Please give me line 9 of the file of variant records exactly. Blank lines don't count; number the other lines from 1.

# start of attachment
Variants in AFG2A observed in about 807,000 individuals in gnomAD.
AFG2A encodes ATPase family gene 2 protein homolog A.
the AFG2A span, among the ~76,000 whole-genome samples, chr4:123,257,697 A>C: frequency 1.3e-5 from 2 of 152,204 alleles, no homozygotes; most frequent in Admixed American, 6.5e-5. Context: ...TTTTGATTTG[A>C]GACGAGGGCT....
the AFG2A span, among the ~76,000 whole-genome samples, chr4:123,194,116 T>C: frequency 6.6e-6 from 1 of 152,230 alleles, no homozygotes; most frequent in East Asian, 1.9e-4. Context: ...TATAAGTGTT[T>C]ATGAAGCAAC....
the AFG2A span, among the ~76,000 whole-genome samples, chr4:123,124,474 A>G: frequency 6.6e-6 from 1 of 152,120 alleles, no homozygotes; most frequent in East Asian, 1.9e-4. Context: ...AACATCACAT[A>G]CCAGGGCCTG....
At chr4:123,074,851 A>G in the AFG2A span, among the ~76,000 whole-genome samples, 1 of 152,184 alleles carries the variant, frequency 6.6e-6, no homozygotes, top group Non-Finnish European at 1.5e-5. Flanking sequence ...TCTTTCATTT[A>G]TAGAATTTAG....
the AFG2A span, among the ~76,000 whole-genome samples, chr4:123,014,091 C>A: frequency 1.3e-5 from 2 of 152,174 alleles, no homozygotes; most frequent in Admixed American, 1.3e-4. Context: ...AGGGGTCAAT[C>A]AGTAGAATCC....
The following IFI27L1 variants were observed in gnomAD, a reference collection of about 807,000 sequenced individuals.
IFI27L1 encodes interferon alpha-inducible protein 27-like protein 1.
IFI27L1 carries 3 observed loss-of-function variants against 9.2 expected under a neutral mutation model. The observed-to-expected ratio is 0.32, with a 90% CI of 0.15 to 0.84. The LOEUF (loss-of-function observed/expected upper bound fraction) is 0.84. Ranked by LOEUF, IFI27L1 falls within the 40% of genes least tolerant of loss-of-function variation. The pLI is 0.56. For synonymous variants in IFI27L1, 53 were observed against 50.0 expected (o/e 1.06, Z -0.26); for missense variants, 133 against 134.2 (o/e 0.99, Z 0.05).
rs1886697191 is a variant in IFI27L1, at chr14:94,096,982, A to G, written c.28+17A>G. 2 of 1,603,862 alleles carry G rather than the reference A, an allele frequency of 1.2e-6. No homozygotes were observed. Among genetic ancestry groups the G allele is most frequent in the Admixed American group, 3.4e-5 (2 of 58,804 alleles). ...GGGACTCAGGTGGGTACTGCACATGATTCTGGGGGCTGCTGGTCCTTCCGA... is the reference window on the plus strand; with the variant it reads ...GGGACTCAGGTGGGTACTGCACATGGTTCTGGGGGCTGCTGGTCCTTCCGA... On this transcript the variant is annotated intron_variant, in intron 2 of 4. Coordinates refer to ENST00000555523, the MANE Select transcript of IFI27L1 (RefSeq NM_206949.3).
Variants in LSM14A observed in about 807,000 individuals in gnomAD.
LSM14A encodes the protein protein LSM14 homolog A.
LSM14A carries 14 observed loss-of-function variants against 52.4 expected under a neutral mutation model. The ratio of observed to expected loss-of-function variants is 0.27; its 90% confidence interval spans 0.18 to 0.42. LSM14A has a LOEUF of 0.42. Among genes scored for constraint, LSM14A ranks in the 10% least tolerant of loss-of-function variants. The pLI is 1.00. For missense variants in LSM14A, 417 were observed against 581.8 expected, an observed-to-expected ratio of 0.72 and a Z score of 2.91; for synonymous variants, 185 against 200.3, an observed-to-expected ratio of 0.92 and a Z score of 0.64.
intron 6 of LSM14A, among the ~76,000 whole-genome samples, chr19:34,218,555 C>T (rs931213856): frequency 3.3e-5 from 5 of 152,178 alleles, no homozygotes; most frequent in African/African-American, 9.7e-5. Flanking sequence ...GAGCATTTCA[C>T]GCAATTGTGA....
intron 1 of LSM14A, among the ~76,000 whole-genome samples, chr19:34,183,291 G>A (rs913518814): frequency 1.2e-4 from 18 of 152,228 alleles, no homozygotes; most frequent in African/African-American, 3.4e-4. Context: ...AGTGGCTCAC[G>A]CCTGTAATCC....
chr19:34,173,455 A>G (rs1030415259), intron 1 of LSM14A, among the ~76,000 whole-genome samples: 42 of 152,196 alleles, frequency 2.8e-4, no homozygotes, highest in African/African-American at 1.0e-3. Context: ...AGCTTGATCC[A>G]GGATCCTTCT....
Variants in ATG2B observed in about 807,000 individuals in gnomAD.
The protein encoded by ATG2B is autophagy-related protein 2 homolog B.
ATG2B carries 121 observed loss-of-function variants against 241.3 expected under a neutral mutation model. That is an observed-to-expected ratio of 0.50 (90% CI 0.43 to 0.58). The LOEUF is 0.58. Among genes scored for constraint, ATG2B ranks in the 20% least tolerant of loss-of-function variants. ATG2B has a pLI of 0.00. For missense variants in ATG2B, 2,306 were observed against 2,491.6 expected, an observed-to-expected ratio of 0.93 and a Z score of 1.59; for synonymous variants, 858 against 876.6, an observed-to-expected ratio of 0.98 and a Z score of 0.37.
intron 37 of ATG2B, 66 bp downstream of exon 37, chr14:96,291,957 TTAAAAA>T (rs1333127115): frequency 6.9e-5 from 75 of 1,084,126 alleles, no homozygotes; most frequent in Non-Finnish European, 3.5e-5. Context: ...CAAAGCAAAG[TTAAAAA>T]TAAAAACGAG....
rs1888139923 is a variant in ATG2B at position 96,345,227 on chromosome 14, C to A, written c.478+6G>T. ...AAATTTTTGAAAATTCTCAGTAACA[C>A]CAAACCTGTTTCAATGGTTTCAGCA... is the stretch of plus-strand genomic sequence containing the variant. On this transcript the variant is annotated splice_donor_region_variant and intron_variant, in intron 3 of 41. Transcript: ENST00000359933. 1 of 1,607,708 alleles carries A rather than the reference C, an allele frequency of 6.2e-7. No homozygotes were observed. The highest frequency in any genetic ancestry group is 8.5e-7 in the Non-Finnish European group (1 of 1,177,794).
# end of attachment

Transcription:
IFI27L1 encodes interferon alpha-inducible protein 27-like protein 1.